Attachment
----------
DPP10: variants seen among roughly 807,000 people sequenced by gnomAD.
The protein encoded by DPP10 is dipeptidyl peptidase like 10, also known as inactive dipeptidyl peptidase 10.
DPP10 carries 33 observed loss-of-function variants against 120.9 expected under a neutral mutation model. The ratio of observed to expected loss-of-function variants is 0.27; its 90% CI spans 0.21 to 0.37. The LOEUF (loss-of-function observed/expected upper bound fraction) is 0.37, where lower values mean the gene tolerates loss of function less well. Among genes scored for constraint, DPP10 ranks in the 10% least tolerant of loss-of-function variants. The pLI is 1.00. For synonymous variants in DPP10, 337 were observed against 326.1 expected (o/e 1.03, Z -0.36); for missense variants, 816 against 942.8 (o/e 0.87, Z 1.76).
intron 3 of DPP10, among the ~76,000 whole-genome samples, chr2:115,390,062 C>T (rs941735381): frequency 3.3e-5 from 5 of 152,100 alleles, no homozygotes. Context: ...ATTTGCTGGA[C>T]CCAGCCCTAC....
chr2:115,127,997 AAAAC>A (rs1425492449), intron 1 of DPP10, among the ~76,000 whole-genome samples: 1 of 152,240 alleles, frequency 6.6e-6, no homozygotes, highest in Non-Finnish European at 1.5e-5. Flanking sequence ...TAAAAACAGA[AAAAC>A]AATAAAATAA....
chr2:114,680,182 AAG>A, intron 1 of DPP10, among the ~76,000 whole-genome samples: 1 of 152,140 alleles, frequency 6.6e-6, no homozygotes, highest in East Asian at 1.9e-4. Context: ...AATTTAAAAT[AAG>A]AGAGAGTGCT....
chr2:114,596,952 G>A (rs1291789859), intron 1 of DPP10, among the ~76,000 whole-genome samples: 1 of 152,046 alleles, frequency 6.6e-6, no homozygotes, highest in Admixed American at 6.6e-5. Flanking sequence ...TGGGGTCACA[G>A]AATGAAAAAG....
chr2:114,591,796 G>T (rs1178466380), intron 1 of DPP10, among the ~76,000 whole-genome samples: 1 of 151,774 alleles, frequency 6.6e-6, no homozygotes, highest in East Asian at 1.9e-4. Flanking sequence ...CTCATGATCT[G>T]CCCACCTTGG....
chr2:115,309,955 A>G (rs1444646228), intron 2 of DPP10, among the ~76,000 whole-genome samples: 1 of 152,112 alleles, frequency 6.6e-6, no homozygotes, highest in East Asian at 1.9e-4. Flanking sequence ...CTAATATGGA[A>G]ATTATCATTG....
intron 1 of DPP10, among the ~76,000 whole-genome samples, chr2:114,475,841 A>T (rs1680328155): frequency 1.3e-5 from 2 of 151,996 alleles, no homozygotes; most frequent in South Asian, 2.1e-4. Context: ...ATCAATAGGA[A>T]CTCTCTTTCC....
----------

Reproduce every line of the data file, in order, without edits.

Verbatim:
DPP10: variants seen among roughly 807,000 people sequenced by gnomAD.
The protein encoded by DPP10 is dipeptidyl peptidase like 10, also known as inactive dipeptidyl peptidase 10.
DPP10 carries 33 observed loss-of-function variants against 120.9 expected under a neutral mutation model. The ratio of observed to expected loss-of-function variants is 0.27; its 90% CI spans 0.21 to 0.37. The LOEUF (loss-of-function observed/expected upper bound fraction) is 0.37, where lower values mean the gene tolerates loss of function less well. Among genes scored for constraint, DPP10 ranks in the 10% least tolerant of loss-of-function variants. The pLI is 1.00. For synonymous variants in DPP10, 337 were observed against 326.1 expected (o/e 1.03, Z -0.36); for missense variants, 816 against 942.8 (o/e 0.87, Z 1.76).
intron 3 of DPP10, among the ~76,000 whole-genome samples, chr2:115,390,062 C>T (rs941735381): frequency 3.3e-5 from 5 of 152,100 alleles, no homozygotes. Context: ...ATTTGCTGGA[C>T]CCAGCCCTAC....
chr2:115,127,997 AAAAC>A (rs1425492449), intron 1 of DPP10, among the ~76,000 whole-genome samples: 1 of 152,240 alleles, frequency 6.6e-6, no homozygotes, highest in Non-Finnish European at 1.5e-5. Flanking sequence ...TAAAAACAGA[AAAAC>A]AATAAAATAA....
chr2:114,680,182 AAG>A, intron 1 of DPP10, among the ~76,000 whole-genome samples: 1 of 152,140 alleles, frequency 6.6e-6, no homozygotes, highest in East Asian at 1.9e-4. Context: ...AATTTAAAAT[AAG>A]AGAGAGTGCT....
chr2:114,596,952 G>A (rs1291789859), intron 1 of DPP10, among the ~76,000 whole-genome samples: 1 of 152,046 alleles, frequency 6.6e-6, no homozygotes, highest in Admixed American at 6.6e-5. Flanking sequence ...TGGGGTCACA[G>A]AATGAAAAAG....
chr2:114,591,796 G>T (rs1178466380), intron 1 of DPP10, among the ~76,000 whole-genome samples: 1 of 151,774 alleles, frequency 6.6e-6, no homozygotes, highest in East Asian at 1.9e-4. Flanking sequence ...CTCATGATCT[G>T]CCCACCTTGG....
chr2:115,309,955 A>G (rs1444646228), intron 2 of DPP10, among the ~76,000 whole-genome samples: 1 of 152,112 alleles, frequency 6.6e-6, no homozygotes, highest in East Asian at 1.9e-4. Flanking sequence ...CTAATATGGA[A>G]ATTATCATTG....
intron 1 of DPP10, among the ~76,000 whole-genome samples, chr2:114,475,841 A>T (rs1680328155): frequency 1.3e-5 from 2 of 151,996 alleles, no homozygotes; most frequent in South Asian, 2.1e-4. Context: ...ATCAATAGGA[A>T]CTCTCTTTCC....